A new year brings new changes, and in 2020, the recently enacted SECURE Act is set to alter retirement and estate planning for the future. SECURE, an acronym that stands for “Setting Every Community Up for Retirement Enhancement,” enacts provisions intended to make retirement savings plans more accessible, while changing a handful of existing rules.
So how will the SECURE Act impact you and your retirement savings?
According to the U.S. Department of Labor, 38 million private-sector employees do not have access to a workplace sponsored retirement plan. Fifty-three percent of these workers are employed by a business with less than 100 employees.
Access to retirement savings is a growing concern in the U.S., as 44 percent of individuals do not believe that Social Security payments will provide enough income for them to live on. Add in the fact that the Social Security Trust Fund is expected to be depleted within 15 years, the U.S. faces a real retirement crisis.
Enter the SECURE Act. With provisions to benefit small businesses, the new ruling could open doors to retirement savings for more individuals.
Within the SECURE Act, small businesses in different industries will be able to join association retirement plans offered through groups, such as a local chamber of commerce, or join pooled plans offered by a single provider such as a record-keeper, administrator or investment advisor. The move allows small businesses to offer retirement savings options to employees while defraying some of the prohibitive costs and time-consuming tasks associated with providing these benefits.
In addition, the tax benefits for small employers to begin offering retirement plans have been dramatically increased. An employer can now receive a tax credit equal to half of the first three years’ administrative costs, up to $5,000 per year. If the employer agrees to automatically enroll employees in the plan, they will receive an additional $500 per year credit. The SECURE Act also makes it easier for employers who offer workplace retirement plans to include annuities in their plan lineups. With annuities, employees’ contributions into the plan throughout their working years fund the annuity, which then provides a lifetime stream of income in retirement.
While the SECURE Act could make it easier for more Americans to save for retirement, a few of the rulings are designed to benefit those who have already begun saving. For example, under former rules, individuals were required to start drawing a required minimum disbursement (RMD) from Individual Retirement Arrangements (IRAs) at age 70 ½.
RMDs are based on the account balance as of December 31st of the prior year, divided by the life expectancy of the individual as determined by tables provided by the IRS.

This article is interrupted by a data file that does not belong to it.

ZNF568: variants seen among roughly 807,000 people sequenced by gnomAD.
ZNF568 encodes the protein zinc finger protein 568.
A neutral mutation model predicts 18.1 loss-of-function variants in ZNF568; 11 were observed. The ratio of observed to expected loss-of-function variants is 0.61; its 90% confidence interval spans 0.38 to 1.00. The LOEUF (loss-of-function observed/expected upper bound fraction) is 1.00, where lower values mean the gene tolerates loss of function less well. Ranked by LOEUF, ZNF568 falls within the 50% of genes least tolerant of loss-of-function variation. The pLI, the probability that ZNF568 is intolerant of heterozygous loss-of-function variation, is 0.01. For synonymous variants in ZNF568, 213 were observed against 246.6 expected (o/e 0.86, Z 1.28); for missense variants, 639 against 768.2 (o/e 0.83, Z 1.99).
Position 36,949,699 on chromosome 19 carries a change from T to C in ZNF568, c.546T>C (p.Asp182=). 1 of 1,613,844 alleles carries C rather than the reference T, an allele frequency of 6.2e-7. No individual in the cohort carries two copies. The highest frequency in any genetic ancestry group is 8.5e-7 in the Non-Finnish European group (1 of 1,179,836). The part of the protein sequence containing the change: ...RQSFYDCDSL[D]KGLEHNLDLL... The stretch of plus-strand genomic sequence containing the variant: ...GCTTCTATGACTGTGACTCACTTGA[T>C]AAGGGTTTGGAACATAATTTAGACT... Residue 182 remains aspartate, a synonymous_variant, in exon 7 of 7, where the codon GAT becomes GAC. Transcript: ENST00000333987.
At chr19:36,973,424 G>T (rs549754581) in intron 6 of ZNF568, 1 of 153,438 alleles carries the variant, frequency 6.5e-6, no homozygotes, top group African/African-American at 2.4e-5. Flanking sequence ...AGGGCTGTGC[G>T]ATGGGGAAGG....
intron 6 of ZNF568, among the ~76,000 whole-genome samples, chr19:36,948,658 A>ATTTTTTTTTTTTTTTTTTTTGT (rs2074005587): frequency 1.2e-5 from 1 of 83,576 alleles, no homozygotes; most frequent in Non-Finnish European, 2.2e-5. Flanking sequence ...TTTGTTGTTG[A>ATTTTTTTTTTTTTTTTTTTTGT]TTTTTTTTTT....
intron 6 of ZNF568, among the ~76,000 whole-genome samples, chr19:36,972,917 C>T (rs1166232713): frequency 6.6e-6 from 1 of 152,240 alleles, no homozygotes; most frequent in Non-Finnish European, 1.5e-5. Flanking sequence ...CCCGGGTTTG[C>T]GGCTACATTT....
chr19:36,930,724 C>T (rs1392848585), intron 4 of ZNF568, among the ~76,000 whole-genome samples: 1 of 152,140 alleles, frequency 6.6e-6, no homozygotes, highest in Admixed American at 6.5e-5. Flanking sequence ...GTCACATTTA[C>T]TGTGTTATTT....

Under the SECURE Act, RMDs have been moved out to age 72 for those who turn 70 ½ on or after January 1, 2020. The additional one and a half years is of benefit to those who do not need to draw from the balance of their IRAs to fund their retirement living.
The SECURE Act also scales back some of the restrictions regarding when retirement funds can be used. Plans will be able to allow individuals to withdraw up to $5,000 of retirement plan savings to cover expenses related to the birth or adoption of a child with no penalty. However, the impact to an individual’s long-term retirement outlook should always be considered before any disbursements are made from retirement plans.
In addition, the SECURE Act allows up to $10,000 of 529 funds to be used toward the repayment of student loan debt.
For long-term financial planning purposes, the SECURE Act places limitations on the stretch IRA. Stretch IRAs have typically been used to pass retirement savings down to future generations, allowing the beneficiary to draw RMDs according to their (typically) much longer life expectancy. As a result, individuals of such an inheritance were able to draw from inherited retirement accounts often over decades, thereby “stretching” the tax deferral on the inherited funds.
Under the SECURE Act, individuals will now be required to draw down the balance within 10 years of receiving the inheritance. However, the law does allow five exceptions, allowing surviving spouses, minor children, chronically ill, disabled beneficiaries and those who are no more than 10 years younger than the IRA owner, to stretch RMDs according to their life expectancy.
For many, the elimination of the stretch IRA is of little consequence, as their financial plan projects them using the lion’s share of their retirement funds. For others, their financial plan foretells a sizable balance upon their passing. With the passing of the SECURE Act, it’s important that those individuals undergo additional planning.
Specific strategies to consider are always dependent on your goals and objectives in discussion with your financial planner. No matter what your plan is, it’s important to always take into account the question that is difficult for most of us to answer—when will we pass? It’s important to keep in mind that retirement and estate planning require an individualized approach. For the best guidance on adapting to the SECURE Act, consult your financial planner for professional advice.
About the Authors
Dan Kline is a Financial Planner with the Private Client Advisory and Financial Planning teams within the Wealth Management group at FNBO. He specializes in providing comprehensive personalized financial planning incorporating investment, tax, protection, retirement and estate planning strategies.
Charles Smith is Director of Retirement Plan Advisory Services for FNBO. In this position he has the overall responsibility for the coordination and delivery of investment advice, fiduciary consultation and vendor searches for retirement plan sponsors and investment committees.